I'm not entirely sure why you think you even need the
if statement in that first section of code -
update is perfectly capable of selecting the records for you:
SET tezina = tezina + 1
WHERE xkoord = 0 AND ykoord = 0;
That will only hit rows where both coordinates are zero. If there are none, then no rows will be modified.
However, if your intent is to detect whether a row exists so you can either insert or update it (as your edit seems to suggest), the normal way of doing that is with
insert ... on duplicate key ....
In your particular case, that would be something along the following lines, assuming the primary key was a composite over the coordinate columns:
INSERT INTO polje (
xkoord, ykoord, tezina, d_tezina
) VALUES (
x, y, tezina, tezina
) ON DUPLICATE KEY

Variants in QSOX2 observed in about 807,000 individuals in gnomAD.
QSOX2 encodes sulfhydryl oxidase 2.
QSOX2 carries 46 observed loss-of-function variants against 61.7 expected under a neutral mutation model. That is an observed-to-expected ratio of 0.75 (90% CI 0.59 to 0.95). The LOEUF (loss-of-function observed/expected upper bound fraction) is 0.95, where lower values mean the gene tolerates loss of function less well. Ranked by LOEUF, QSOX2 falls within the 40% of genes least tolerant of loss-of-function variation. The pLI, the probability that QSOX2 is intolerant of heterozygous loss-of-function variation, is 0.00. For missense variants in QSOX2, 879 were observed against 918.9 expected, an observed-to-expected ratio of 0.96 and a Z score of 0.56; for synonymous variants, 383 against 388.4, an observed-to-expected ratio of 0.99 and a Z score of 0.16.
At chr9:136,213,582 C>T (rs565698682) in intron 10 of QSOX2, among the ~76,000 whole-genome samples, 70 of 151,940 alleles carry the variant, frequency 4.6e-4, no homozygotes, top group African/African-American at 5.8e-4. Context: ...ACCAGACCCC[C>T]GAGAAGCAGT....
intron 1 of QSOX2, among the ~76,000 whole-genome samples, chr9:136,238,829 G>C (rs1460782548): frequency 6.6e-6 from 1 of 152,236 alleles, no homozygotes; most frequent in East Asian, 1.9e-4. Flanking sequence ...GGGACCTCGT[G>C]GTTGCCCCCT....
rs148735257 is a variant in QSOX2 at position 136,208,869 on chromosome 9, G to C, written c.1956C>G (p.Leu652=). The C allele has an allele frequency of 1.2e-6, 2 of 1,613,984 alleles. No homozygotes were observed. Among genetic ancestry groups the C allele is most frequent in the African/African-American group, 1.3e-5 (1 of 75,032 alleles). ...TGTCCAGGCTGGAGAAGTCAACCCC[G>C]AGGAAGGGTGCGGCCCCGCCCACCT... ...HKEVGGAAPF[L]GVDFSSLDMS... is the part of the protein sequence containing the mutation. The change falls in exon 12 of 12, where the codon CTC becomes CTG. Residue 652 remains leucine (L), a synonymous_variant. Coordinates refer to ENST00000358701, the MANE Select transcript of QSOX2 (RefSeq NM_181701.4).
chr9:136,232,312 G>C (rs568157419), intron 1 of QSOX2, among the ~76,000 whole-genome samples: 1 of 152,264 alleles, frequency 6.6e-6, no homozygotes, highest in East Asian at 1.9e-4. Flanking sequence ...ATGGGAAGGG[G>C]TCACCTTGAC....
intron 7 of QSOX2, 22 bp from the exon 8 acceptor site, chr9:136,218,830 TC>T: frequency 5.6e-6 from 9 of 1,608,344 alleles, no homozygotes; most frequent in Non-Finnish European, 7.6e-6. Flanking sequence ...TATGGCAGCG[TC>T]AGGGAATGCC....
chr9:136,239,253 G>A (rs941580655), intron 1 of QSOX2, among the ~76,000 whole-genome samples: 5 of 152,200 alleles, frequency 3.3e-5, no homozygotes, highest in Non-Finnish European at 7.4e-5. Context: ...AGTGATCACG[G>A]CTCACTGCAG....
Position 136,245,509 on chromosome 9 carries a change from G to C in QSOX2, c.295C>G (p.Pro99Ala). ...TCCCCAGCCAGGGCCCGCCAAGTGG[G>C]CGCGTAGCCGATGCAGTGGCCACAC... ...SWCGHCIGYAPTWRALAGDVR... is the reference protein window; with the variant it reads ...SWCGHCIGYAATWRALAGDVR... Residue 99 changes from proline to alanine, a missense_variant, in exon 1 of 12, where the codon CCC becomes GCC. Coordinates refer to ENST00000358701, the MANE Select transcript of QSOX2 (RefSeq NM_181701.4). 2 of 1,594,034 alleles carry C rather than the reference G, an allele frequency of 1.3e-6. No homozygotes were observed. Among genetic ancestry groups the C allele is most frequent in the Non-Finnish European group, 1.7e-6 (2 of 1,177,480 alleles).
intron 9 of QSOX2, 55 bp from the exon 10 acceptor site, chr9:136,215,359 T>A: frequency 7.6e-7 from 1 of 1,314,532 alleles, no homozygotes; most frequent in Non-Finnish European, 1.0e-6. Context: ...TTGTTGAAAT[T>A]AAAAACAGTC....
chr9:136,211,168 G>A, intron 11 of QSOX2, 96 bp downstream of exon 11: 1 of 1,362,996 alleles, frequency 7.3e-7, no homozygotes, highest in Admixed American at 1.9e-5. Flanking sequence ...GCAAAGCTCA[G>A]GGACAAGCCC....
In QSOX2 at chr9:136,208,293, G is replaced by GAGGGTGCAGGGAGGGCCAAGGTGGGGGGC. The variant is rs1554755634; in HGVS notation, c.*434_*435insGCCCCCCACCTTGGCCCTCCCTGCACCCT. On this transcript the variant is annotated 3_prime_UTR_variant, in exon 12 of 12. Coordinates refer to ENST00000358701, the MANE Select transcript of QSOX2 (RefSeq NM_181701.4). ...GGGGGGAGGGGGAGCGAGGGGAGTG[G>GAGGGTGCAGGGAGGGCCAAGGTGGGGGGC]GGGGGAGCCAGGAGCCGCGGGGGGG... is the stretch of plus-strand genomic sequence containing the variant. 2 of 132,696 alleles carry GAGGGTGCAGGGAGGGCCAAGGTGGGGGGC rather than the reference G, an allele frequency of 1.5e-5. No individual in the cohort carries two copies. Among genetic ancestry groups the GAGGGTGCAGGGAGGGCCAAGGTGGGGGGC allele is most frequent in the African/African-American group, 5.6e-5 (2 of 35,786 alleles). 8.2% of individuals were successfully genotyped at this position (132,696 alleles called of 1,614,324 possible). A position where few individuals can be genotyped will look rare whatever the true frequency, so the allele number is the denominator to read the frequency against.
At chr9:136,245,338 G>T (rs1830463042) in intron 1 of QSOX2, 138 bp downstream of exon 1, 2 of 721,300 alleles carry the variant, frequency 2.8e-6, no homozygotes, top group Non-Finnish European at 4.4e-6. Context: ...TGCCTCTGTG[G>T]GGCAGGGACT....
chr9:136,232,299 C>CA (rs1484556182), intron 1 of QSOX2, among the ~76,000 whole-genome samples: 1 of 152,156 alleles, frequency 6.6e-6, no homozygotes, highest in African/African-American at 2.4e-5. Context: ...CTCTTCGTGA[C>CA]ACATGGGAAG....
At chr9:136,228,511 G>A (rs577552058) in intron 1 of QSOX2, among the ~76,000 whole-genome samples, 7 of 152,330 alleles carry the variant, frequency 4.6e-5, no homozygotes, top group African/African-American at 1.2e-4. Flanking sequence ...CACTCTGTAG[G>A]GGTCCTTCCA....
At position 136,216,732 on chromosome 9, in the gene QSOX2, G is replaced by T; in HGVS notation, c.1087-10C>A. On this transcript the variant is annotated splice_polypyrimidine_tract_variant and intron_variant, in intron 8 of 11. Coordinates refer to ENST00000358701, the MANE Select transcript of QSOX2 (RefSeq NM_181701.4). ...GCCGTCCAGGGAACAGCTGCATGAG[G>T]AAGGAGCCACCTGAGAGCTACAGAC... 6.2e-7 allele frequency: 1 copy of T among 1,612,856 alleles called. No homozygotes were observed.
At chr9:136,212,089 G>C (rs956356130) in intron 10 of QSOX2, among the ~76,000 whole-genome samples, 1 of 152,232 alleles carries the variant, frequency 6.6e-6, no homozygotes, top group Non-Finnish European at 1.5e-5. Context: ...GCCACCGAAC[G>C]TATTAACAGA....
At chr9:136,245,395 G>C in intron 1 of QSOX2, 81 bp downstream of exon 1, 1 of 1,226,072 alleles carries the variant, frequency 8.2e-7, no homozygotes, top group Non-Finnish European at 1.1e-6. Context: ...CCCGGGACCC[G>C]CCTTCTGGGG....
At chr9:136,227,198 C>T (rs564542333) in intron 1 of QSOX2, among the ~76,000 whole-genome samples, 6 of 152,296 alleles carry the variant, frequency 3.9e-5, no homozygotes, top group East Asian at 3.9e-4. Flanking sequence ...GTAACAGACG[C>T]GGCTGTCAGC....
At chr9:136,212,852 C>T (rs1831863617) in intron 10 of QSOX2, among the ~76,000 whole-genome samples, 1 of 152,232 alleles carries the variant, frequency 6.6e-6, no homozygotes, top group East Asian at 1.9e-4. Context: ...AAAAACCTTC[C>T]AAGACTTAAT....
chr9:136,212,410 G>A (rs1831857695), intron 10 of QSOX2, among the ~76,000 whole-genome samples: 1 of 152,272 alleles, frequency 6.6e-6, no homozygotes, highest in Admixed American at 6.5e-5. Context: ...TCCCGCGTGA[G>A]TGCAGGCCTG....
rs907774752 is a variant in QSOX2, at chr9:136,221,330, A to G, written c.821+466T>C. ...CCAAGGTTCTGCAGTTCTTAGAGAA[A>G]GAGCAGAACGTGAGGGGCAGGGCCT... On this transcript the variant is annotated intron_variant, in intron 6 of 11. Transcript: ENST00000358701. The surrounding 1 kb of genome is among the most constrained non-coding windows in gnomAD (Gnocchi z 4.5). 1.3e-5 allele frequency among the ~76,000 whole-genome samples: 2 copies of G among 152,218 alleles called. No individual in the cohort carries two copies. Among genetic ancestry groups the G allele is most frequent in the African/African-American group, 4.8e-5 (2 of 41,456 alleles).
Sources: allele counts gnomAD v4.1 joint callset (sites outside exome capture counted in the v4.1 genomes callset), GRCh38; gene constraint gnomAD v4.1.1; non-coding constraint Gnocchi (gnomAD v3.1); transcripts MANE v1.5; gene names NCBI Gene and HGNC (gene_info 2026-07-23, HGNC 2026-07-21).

UPDATE tezina = tezina + 1
Another possibility, if you don't have your primary key set up that way, is to do the update and detect if you hit any rows. If so, you're done, otherwise you need to insert a row.
update in that case would be identical to the first one shown above. Then you simply check
row_count() to see if the rows updated was zero. If it was, you then insert the first new row for this coordinate pair.
Keep in mind that the definition of "rows updated" depends on how you connect. If you connect with the option
CLIENT_FOUND_ROWS, the count is the number of rows touched regardless of the current row value (count is how many rows matched the
Without that, you only get a count of the rows that were actually changed to something new.
By that, I mean, consider you have two rows:
and you run
update tbl set value = 'A'
The first time you run it without
CLIENT_FOUND_ROWS, row count will be set to one since only
id 2 is updated. If you run it again, you'll get a row count of zero since no rows are updated.
CLIENT_FOUND_ROWS, you'll get a row count of two no matter how many times you run it, since it's giving you the rows matched by the
Also note that the
update/detect/insert should be done within a transaction to ensure no race conditions.